These days, it’s not all that difficult to get a rough valuation for on your property. Gone are the days when you had to rely on your estate agent who would perform some sort of mystic ritual, pulling a figure out of the air based on “deep industry knowledge” which you couldn’t possibly understand.
Now, a click of a mouse or a visit to one of the online property portals can achieve much the same thing – or at least it’ll give you a rough estimate or what your home might fetch on the open market.
But still there are homes being offered at vastly inflated prices; homes which therefore stand little chance of actually selling; homes which, almost inevitably, will have to come down in price before they change hands.
Well, first of all – even though they may have done their research in advance – sellers can be easily convinced their home is worth more. After all, if you have a figure in your head and someone who is supposed to know the market better than you tells you that you’re £10,000 under, it’s not hard to understand why you’d be tempted to go with that.
But don’t forget estate agency is an increasingly competitive game. Some firms will therefore impress you with that high valuation, tie you to a long-term sole selling rights agreement and, when the home fails to sell, persuade you that you need to drop the asking price. You don’t get your quick sale, you don’t get the price you were led to believe was possible – but they still win your business by blinding you with figures they never really expected to achieve.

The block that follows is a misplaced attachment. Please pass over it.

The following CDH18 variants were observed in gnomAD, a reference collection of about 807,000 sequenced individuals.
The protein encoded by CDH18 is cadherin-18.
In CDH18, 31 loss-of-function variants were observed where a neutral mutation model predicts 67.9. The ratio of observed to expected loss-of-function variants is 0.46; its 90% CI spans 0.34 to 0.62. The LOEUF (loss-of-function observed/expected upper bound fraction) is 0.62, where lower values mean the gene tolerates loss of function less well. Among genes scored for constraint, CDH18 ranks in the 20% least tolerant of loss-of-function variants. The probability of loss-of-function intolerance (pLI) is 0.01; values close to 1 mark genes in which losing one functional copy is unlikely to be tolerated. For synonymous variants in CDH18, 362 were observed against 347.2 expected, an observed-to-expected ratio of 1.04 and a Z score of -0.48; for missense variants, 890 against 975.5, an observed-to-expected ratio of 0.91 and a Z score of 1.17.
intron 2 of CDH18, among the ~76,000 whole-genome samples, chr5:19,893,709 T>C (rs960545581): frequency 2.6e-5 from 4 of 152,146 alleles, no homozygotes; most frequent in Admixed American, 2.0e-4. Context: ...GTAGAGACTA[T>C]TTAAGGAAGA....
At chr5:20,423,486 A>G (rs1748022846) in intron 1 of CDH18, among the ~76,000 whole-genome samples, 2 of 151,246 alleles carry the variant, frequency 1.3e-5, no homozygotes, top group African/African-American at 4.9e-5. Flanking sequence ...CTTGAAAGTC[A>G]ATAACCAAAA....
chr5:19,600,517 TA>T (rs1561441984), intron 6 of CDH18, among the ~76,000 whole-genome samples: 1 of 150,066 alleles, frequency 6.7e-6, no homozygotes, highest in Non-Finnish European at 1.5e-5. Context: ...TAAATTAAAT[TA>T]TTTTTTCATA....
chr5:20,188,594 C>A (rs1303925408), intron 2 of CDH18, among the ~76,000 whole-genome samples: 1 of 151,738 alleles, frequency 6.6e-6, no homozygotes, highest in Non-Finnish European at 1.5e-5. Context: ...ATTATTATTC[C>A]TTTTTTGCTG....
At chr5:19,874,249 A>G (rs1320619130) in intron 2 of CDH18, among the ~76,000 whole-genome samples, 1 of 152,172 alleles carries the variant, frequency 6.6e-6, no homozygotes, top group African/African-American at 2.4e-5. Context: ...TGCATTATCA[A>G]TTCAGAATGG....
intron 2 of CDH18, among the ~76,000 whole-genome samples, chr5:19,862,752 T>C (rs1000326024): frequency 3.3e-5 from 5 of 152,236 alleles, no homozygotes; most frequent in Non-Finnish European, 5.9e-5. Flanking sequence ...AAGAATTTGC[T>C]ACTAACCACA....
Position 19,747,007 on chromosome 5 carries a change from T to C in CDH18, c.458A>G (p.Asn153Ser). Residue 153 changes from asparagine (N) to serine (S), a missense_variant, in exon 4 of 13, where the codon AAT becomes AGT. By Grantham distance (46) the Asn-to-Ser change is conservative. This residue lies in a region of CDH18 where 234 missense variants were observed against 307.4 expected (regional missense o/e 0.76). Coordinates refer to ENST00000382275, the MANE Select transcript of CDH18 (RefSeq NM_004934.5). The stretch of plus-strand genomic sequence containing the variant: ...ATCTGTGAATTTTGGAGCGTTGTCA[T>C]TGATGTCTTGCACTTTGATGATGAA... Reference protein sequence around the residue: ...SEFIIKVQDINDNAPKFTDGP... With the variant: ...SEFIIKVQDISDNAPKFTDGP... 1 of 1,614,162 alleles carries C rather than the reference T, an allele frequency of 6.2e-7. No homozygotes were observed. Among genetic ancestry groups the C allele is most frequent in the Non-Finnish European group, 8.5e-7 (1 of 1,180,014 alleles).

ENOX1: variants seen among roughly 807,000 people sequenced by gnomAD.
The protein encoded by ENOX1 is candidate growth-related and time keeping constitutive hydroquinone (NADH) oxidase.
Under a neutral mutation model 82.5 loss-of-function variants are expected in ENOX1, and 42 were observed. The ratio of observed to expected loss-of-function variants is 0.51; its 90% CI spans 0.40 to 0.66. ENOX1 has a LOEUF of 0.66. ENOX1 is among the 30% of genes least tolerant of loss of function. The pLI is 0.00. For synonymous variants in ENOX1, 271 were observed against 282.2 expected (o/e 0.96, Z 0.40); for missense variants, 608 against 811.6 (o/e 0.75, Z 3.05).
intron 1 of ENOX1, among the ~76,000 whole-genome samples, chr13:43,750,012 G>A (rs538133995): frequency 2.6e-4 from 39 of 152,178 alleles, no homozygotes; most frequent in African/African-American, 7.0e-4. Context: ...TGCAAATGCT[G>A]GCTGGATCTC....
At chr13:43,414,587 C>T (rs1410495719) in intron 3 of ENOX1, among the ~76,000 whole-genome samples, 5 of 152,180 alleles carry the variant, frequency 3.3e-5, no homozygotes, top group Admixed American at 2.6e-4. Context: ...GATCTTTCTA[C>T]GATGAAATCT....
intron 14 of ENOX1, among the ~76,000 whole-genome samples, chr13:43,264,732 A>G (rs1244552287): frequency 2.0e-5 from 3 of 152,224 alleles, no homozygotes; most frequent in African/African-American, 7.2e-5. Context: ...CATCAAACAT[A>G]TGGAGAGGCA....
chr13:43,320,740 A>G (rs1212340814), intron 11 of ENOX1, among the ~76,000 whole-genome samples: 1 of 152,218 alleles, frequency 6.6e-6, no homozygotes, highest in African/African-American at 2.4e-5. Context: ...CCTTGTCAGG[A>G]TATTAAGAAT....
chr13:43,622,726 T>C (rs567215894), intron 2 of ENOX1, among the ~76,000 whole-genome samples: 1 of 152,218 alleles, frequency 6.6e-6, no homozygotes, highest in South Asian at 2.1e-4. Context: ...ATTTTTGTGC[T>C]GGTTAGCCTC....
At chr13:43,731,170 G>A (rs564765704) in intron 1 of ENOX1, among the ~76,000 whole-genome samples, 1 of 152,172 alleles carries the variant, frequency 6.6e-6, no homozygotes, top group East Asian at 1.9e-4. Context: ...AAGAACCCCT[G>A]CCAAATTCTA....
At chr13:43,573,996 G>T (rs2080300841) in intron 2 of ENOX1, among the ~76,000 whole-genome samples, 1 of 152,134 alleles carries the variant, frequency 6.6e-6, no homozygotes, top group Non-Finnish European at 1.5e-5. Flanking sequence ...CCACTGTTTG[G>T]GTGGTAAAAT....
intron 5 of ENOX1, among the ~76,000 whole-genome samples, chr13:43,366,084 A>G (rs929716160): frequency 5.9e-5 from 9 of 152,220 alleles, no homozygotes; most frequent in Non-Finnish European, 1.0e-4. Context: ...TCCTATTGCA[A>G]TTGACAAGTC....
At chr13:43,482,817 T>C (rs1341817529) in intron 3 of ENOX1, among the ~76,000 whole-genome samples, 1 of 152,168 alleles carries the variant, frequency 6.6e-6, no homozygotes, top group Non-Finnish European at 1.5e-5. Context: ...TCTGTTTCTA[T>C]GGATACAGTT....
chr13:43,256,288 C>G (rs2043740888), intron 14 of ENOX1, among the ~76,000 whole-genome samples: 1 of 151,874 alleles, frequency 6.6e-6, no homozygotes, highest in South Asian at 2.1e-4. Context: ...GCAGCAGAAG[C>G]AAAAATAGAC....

Secondly, there are sellers out there who want to chance their arm. They know what the asking price on a property ought to be but they’ve seen prices rising and want to gamble on something higher, regardless of advice from the estate agent.
Both are self-serving; both are strategies which involve considerable risk and both are situations we would advise our clients to avoid.
Firstly, use those tools on Rightmove or Zoopla to get a rough idea of what asking prices in your area are and then tap into the Land Registry’s website to compare them with what properties actually sold for. Once you’ve done that, approach several estate agents for a valuation and see what they suggest. If one’s way above the mark, beware – but don’t go too low either.
Equally, we see it as our job to dissuade sellers from inflated asking prices. Of course a seller wants the best price – but there’s a dividing line between something realistic and something preposterous. There have been cases where overpriced property has ended up on the market for ages, been reduced several times and eventually sold for below the accepted asking price for the area.
So, in short, if you’re selling property, our advice is keep it real. Naturally, you don’t want to part with your home for too little – but ask too much and it might be you who ends up paying the price.